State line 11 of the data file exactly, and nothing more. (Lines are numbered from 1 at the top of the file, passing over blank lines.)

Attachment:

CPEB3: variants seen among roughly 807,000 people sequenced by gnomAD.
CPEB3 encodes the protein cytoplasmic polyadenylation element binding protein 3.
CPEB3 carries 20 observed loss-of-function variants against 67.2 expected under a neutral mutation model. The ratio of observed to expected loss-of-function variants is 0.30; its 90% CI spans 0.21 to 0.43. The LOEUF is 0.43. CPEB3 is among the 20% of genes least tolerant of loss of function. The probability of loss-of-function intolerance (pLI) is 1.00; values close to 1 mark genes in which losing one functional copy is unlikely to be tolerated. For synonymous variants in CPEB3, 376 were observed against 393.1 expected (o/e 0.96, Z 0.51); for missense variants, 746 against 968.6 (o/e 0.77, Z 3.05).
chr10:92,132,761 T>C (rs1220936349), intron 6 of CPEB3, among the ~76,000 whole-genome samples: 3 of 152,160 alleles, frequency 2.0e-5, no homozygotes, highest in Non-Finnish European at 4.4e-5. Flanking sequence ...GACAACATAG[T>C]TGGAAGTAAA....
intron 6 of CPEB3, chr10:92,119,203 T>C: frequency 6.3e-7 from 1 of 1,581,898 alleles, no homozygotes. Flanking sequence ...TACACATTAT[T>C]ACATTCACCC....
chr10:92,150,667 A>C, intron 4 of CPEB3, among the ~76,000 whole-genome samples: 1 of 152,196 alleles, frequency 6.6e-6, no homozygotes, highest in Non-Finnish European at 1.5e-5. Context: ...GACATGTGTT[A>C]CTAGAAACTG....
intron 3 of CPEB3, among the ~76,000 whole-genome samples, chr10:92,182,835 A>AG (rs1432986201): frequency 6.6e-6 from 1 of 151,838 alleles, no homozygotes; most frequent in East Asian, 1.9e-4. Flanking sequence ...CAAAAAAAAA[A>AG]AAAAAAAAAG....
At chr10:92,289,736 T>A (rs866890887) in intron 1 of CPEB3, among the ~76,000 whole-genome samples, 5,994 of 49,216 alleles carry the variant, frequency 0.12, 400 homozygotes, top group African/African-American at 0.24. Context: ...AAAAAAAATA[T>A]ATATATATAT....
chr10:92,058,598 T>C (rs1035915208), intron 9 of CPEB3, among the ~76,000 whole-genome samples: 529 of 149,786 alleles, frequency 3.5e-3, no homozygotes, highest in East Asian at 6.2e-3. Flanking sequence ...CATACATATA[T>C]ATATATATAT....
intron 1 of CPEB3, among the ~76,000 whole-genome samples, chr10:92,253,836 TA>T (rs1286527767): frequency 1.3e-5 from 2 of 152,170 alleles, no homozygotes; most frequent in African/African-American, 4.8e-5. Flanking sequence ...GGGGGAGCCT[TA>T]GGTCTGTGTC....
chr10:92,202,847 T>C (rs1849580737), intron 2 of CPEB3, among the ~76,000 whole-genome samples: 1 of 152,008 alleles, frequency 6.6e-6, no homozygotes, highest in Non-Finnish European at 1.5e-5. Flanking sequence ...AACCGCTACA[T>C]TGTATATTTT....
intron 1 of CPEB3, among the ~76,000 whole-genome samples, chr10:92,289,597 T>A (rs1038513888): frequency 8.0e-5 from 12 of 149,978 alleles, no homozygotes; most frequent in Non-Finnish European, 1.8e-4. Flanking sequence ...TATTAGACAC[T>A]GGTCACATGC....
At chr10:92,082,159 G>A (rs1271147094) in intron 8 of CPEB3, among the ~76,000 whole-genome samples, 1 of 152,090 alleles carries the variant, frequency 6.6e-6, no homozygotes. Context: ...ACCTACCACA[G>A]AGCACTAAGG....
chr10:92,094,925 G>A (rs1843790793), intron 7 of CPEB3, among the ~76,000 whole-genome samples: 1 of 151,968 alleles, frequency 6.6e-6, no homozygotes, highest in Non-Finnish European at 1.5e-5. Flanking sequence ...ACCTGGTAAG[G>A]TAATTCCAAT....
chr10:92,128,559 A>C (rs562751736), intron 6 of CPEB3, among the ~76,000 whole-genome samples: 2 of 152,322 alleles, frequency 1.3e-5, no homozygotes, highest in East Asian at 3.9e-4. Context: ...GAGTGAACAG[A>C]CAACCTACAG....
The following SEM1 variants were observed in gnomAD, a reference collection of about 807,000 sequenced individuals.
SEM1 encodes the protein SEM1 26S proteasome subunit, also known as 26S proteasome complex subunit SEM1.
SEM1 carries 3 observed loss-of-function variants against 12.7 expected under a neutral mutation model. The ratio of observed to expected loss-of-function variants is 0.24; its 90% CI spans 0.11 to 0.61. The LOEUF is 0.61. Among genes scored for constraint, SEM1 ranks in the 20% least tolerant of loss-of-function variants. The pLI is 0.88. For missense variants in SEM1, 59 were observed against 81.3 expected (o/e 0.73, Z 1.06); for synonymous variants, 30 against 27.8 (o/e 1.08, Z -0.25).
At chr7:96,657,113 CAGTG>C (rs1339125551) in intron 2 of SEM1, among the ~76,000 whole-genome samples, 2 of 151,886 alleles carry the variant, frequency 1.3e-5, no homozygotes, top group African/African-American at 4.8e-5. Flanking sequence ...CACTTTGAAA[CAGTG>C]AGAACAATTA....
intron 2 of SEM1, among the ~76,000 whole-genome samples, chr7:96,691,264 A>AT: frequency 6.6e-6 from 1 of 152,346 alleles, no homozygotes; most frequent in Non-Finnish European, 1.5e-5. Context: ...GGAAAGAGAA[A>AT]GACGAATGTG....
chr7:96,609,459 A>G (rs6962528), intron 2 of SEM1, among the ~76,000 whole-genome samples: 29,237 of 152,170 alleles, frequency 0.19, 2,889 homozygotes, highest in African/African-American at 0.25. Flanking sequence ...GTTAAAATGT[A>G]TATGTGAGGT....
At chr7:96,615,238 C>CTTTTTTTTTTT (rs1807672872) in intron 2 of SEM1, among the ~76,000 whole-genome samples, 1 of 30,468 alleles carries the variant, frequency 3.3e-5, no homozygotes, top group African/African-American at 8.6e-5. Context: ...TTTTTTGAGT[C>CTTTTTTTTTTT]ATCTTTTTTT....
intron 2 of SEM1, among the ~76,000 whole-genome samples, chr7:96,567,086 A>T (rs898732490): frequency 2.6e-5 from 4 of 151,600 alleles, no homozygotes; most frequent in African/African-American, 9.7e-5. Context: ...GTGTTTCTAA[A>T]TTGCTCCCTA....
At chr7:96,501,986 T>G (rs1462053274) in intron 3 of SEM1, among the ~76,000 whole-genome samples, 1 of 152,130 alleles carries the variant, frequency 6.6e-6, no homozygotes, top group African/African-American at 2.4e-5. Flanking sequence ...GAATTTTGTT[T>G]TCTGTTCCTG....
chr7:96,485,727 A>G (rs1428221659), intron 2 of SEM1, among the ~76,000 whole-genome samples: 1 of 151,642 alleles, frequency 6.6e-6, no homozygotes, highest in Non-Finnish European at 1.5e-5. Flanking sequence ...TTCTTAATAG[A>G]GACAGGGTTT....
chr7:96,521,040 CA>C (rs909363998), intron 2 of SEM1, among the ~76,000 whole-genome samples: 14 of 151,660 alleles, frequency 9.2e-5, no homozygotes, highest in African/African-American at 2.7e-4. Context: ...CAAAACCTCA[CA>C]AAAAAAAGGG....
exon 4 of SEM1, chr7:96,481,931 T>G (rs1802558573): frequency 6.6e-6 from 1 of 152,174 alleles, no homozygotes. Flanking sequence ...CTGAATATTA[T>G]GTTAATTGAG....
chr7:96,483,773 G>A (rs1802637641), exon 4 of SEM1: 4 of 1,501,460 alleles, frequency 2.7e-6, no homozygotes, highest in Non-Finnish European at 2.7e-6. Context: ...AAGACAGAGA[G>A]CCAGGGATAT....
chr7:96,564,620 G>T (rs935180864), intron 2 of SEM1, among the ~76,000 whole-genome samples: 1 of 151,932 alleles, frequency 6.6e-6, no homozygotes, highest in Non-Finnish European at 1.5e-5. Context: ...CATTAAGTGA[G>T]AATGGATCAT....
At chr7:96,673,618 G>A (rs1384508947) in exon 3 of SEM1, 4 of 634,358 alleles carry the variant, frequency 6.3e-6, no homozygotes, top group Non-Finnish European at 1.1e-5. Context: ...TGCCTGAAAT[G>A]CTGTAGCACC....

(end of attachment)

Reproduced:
chr10:92,202,847 T>C (rs1849580737), intron 2 of CPEB3, among the ~76,000 whole-genome samples: 1 of 152,008 alleles, frequency 6.6e-6, no homozygotes, highest in Non-Finnish European at 1.5e-5. Flanking sequence ...AACCGCTACA[T>C]TGTATATTTT....